Consumer Staples, Health Care Seen As Recessionary Havens
by Mary Ellen Lloyd, Dow Jones Newswires; 704-948-9145; email@example.com
A year into the U.S. recession, the smart money on Wall Street says traditionally defensive sectors such as consumer staples, health care and telecommunications remain among the best bets.
That’s because it is businesses like drugstores, food producers, managed-care companies, and beer and cigarette makers that tend to do well despite tough economic times, according to several market strategists, money managers, economists and fund data managers.
“You’re dealing with industries and companies that provide necessities – everything from toothpaste to stents to pharmaceuticals to cereal,” said Brian Belski, Merrill Lynch’s U.S. sector strategist.
And some not-so-basic items can feel like necessary luxuries for folks during times of stress. “People tend to drink and smoke more during recessions and slowing times in the economy and the stock market,” Belski said.
Merrill Lynch’s December survey of global fund managers found that as investors start to look into 2009, 88% of respondents are hunkering down, wishing to overweight only four sectors: telecom, health care, utilities and consumer staples. Banks, materials, industrials and discretionary sectors are the least favorite sectors.
Some managers consider utilities, with relatively stable demand and their usually secure dividends, as good bets in tough economic times. And some believe that technology, which received blame for the last recession, has had major reversals in terms of global capacity since then and could surprise people.
“We’re officially at a neutral/marketweight (rating) on technology, but it’s probably one of the best-positioned sectors in terms of its balance sheet,” Belski said.
William Rutherford, who manages nearly $30 million in assets at his Portland, Ore., firm Rutherford Investment Management LLC, cautions investors to recognize differences within industries.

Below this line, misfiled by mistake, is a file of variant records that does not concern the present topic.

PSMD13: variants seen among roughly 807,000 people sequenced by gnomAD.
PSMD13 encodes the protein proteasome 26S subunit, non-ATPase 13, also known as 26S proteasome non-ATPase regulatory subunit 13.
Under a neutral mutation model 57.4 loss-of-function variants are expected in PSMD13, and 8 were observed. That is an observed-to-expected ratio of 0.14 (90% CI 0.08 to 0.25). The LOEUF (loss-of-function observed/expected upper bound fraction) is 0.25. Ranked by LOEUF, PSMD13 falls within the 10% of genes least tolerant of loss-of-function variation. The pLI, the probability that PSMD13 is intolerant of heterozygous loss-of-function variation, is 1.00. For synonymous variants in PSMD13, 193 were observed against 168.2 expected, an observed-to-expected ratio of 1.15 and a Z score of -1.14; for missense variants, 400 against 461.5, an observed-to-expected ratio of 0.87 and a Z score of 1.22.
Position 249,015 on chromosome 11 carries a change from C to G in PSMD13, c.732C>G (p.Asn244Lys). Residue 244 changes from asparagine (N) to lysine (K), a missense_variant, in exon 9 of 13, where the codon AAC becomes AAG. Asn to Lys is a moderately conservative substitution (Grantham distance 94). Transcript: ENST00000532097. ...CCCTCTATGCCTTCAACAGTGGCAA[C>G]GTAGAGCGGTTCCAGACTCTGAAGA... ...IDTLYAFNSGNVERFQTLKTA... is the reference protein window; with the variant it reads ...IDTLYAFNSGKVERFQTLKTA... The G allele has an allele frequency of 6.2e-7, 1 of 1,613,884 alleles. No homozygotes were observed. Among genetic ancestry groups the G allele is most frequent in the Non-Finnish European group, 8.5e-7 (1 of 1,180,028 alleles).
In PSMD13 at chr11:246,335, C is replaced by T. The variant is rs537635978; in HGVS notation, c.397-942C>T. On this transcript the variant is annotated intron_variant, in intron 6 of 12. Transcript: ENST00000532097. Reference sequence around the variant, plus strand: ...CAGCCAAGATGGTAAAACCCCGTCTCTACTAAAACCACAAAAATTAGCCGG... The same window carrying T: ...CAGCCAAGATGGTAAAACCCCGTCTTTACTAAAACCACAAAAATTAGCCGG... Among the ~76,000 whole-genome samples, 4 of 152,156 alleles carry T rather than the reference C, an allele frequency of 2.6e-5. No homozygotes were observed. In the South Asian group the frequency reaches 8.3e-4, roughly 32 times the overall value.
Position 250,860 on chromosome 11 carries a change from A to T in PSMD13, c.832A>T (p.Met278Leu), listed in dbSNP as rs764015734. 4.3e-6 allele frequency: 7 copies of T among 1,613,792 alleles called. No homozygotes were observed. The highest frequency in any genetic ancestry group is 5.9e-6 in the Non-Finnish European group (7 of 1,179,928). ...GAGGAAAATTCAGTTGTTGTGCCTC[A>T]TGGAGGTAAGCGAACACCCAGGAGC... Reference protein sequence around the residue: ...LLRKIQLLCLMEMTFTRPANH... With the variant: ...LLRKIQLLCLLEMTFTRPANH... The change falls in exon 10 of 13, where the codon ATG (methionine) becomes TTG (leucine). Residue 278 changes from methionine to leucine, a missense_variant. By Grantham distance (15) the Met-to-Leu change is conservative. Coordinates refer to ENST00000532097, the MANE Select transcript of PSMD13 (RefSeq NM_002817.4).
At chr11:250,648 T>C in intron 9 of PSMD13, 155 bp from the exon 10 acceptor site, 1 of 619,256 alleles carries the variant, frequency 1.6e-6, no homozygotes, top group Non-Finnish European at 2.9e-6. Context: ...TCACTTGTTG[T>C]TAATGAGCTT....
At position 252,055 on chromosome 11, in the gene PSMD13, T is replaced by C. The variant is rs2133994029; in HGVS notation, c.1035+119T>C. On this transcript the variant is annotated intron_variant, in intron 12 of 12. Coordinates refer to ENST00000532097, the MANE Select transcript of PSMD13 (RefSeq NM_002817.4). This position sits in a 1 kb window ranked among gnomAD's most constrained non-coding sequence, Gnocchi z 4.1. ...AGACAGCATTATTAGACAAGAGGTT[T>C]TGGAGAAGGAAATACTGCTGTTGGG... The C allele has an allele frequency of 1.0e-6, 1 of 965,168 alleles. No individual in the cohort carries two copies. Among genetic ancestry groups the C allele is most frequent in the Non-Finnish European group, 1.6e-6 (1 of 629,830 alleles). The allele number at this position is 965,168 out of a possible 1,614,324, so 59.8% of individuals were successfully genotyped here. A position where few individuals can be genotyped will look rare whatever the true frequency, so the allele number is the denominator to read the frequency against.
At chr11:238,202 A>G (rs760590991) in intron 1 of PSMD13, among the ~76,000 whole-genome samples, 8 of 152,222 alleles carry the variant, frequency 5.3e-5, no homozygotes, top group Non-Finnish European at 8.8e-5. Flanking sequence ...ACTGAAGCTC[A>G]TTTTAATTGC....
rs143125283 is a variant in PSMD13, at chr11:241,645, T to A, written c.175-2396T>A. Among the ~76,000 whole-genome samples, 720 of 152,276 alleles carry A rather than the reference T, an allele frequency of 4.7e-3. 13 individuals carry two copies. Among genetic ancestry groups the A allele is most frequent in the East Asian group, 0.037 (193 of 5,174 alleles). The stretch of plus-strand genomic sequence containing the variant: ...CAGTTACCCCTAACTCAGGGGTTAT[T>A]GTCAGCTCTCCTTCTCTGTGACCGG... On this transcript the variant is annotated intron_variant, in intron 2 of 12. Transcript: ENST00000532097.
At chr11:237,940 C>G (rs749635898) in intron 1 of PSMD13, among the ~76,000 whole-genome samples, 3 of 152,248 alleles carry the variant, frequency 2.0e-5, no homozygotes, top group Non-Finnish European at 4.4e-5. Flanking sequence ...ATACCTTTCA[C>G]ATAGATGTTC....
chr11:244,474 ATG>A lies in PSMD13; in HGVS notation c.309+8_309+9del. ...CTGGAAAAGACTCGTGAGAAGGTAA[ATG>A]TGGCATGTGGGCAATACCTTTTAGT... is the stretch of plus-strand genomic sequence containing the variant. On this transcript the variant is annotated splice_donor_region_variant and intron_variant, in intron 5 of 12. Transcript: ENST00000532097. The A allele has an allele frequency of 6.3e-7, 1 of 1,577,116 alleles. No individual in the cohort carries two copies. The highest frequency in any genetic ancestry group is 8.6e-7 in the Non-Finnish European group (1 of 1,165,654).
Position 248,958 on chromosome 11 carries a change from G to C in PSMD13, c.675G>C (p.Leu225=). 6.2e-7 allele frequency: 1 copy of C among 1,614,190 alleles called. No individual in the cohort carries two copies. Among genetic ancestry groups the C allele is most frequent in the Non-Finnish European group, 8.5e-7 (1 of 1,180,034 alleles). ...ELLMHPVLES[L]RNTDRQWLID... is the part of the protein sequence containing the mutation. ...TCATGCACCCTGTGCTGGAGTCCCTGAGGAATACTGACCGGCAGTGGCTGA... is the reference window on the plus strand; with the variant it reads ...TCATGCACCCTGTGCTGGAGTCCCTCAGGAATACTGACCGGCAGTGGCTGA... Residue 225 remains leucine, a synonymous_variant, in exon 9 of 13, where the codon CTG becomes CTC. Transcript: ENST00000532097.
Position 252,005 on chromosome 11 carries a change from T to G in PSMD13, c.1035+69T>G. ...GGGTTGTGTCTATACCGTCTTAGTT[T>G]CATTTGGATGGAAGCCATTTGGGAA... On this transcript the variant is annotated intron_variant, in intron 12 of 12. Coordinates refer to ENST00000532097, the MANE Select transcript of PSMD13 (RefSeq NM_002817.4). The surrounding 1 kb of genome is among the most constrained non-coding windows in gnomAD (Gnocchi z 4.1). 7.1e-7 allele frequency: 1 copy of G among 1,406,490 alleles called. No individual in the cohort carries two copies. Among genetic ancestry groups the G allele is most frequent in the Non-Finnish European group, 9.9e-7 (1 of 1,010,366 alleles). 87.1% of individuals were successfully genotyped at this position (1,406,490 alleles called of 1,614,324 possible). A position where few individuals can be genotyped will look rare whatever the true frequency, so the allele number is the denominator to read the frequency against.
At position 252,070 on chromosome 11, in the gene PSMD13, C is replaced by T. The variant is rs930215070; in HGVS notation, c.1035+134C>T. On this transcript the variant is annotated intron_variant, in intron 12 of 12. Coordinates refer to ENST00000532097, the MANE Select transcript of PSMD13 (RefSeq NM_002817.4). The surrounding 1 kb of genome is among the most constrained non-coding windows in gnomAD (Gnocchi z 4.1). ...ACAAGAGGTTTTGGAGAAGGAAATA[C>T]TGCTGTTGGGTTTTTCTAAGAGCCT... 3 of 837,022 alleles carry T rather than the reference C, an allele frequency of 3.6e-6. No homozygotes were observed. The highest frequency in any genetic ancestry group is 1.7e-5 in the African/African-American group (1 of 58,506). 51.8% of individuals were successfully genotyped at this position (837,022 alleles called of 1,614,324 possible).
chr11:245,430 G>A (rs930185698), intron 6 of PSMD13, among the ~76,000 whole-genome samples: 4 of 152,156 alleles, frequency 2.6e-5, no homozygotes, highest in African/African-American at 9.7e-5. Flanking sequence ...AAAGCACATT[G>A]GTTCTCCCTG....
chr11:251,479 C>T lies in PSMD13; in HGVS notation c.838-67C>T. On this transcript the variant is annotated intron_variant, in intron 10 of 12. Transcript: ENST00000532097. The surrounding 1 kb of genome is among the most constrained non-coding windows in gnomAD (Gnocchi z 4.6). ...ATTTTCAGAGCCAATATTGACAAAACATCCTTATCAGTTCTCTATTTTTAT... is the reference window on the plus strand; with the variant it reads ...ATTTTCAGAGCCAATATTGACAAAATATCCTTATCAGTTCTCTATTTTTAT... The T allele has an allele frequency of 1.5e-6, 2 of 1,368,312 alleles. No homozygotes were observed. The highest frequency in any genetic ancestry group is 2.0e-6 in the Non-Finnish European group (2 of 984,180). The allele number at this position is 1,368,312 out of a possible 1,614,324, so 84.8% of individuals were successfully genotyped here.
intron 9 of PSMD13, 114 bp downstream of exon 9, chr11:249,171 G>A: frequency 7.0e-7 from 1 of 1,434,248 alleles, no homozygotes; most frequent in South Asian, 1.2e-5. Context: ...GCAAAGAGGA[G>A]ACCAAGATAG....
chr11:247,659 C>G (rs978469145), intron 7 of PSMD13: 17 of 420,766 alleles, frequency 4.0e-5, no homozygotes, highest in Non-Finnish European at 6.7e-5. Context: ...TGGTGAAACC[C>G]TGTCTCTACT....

For example, within health care, Varian Medical Systems Inc. (VAR) sells big-ticket medical equipment. “Although the hospitals seem to be doing fairly well, they seem to be deferring these medical instruments,” which can hurt the equipment provider, he said.
Rutherford said that while casual-dining restaurants may lose business during a recession, quick-service giant McDonald’s Corp. (MCD) should continue to do well.
He also likes the prospects of Wal-Mart Stores Inc. (WMT), packaging manufacturer Ball Corp. (BLL), eye-care company Alcon Inc. (ACL), and Church & Dwight Co. (CHD), maker of Arm & Hammer baking soda and Brillo scouring pads.
Traditionally defensive companies have been popular investments all year, said Brad Durham, managing director of Cambridge, Mass., fund data research firm EPFR Global, and equity funds in recent months have increased their exposure to these sectors.
Before Lehman Brothers collapsed, “I’m not sure it was quite clear whether the recession had begun and where we were in the cycle,” Durham said. “Now that’s become crystal clear, and investor funds have been acting accordingly.”
It may also be a function of managers dealing with fund outflows. “If they’re having to sell, they’re probably selling their more cyclical sectors first,” he said. “They may just be reducing their exposure to financials and commodities and energy,” which makes the other sectors carry more weight in the portfolio.
Some money managers, though, are already looking past the recession as they position accounts for next year.
“Our latest research has shown that GDP actually starts to improve in the third quarter of ’09 – not a lot, but modestly,” said Scott Armiger, vice president and portfolio manager at Christiana Bank & Trust Co., of Greenville, Del., which has $1.7 billion in assets under management.
Based on the assumption that stocks will start to improve a quarter or two before that, Armiger has begun adding exposure to financial companies – through exchange-traded funds to avoid individual blowups. He’s also dabbled in discretionary names, though his pick of Nike Inc. (NKE), isn’t too bold of a bet, Armiger says.
“As far as discretionary goes, shoes are pretty defensive,” he said. “You’ve got to have shoes, and we like Nike’s growth story, and the valuations were attractive.”